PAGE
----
Cold Seeps (Part 1)
This week we’re doing a round robin story — a story written in three parts by the three of us. This story is inspired by the news of James Cameron’s adventure into the Mariana Trench. Below is part one. Part two will be posted on Wednesday, and part three on Friday. Hope you enjoy!
At the control panel,Trevor stared headlong into the last half-hour of his shift. Day shift, night shift, who knew anymore. 35,000 feet below, it was only midnight all the time. He flipped the port-side sensors to long-range and yawned. Maybe a few hours in the UV tank would wake up his brain.
Stone tapped on the portal door twice, a cold ping ping. “Want anything from the galley?” He jabbed a wooden toothpick between his teeth and probes. “I’m thinking tuna fish, myself.”
Trevor groaned. “How can you eat that? I eat the tuna and I’m on the john for a week.”
“Not for me, thanks.”
Stone tapped two more times — ping ping — and his footsteps faded down the hallway. Trevor pulled the report binder from the file shelf and flipped it open to the current page. Clicking the ballpoint open-closed four times, he wrote the day’s date in the left-most column. When the ink formed the last number, he stopped, holding the tip still on the page and making the calculations in his mind. Five months, fourteen days. A long time in the deep. And what to show for it? Pale skin and a serious lack of social interaction. Not that either of those mattered so much. Not as though he had much action above surface. He penned the shift’s counts and readings into each column of the report, noting the most exciting moment at 05:14:37 when a black dragon fish passed the starboard panel, catching Trevor’s eye with its green glow.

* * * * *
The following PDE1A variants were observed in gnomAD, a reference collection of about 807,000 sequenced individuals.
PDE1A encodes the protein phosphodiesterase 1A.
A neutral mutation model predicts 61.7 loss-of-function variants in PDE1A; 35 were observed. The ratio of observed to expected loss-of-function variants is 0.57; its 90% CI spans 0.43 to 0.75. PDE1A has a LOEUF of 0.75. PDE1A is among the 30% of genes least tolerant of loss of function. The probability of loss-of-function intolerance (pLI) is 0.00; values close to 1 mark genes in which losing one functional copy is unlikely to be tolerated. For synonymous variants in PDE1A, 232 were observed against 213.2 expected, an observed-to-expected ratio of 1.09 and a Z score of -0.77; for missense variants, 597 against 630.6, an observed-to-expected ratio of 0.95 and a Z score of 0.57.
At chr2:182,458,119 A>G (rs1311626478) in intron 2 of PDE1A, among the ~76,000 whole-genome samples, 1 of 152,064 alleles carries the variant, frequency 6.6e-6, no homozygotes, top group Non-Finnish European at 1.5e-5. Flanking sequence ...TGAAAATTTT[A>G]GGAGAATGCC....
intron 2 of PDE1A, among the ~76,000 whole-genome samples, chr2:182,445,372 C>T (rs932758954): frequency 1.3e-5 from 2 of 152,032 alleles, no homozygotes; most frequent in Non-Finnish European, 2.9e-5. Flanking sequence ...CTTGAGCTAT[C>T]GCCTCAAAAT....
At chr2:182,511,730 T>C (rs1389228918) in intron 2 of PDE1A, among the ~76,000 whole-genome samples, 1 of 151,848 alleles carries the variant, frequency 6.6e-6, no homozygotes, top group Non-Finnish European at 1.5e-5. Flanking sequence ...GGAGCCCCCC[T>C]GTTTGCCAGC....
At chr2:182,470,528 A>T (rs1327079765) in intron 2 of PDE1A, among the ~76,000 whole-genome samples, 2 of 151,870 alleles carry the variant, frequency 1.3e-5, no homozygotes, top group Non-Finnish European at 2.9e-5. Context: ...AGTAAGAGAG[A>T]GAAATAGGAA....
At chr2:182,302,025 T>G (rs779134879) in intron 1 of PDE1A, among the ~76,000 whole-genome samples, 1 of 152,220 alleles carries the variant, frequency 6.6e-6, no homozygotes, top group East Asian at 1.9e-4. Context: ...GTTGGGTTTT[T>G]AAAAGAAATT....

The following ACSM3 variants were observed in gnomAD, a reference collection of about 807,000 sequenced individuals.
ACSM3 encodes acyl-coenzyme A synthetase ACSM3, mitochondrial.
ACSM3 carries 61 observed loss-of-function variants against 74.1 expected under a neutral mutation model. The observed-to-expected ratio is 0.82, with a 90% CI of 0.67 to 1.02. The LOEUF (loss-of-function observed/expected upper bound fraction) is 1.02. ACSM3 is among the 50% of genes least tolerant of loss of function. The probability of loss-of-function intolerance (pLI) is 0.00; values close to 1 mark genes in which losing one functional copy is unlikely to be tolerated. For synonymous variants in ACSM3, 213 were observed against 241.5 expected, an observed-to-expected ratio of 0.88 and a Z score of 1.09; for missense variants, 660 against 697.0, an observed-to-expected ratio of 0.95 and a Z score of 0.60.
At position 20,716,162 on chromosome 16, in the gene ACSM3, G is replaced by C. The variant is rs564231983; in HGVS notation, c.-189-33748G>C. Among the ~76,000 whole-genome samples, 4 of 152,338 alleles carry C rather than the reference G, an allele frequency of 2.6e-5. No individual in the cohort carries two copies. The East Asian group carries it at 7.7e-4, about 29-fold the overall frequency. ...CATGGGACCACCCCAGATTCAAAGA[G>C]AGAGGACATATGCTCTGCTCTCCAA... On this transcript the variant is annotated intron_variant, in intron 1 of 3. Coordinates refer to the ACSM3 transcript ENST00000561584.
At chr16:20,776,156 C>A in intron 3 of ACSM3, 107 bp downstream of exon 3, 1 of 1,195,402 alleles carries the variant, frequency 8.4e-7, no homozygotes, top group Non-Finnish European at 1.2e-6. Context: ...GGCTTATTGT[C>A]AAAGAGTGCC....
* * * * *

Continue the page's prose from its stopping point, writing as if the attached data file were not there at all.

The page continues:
Stone returned balancing a carafe of coffee and two tuna fish sandwiches on rye. He fell into the seat at control station two, and spread his dinner (lunch?) out among the keyboards, knobs and switches. “Anything to report?”
Trevor looked at him dead pan and slapped the binder closed.
“You read the new contract?” Stone pulled the wrapping from the first sandwich as though peeling a banana.
Banana. A word picture formed in Trevor’s mind so bright he could almost smell the sweet, tropical flesh. “Haven’t got mine yet.”
“Mph?” Stone swallowed. “Got mine yesterday. You gonna sign back up?”
Trevor shrugged. There were advantages to living below. Peace and quiet. Minimal interaction. He’d learned to meditate and speak French. And he’d written nearly three-quarters of his novel to boot. Amazing what one could accomplish when free of distractions — other than the eight hours out of every twenty-four. But no one had done more than six months below. No one knew the long-term effects. This crew would be the first. The guinea pigs. “Murphy?”
“Ah, yeah.” Stone nodded, pushing food aside to make room for speaking. “He’s re-upped. Said the Mrs. agreed, no hesitation.”
The compensation was hard to turn down.
Trevor sniffed and rubbed his eyes. He’d probably just missed his contract among the other papers and rigmarole from Command. “Yeah. I probably will, too.”
“Racquetball at fourteen hundred?”
“Naw, not today, man. I’m gonna hit the tank. Need some V’s.” He pushed his chair back and stood. Stretched. “Maybe tomorrow.”
“I’m just going to beat your ass again.”
“Probably.” Trevor returned the report binder to the shelf and picked up his mug and backpack. “Have a good –”
The port-side sensor light switched from green to flashing amber and in a tidy, British accent, a female’s voice — the only female voice Trevor had heard in a long time — cooed, “Alert. Unidentified object located off stern. Distance, four nautical miles. Velocity, 64.7 knots. Vital signs, unconfirmed. Series protocol four-point-two recommended.”
Trevor mouthed the words in disbelief as the message repeated.
Four. Point. Two.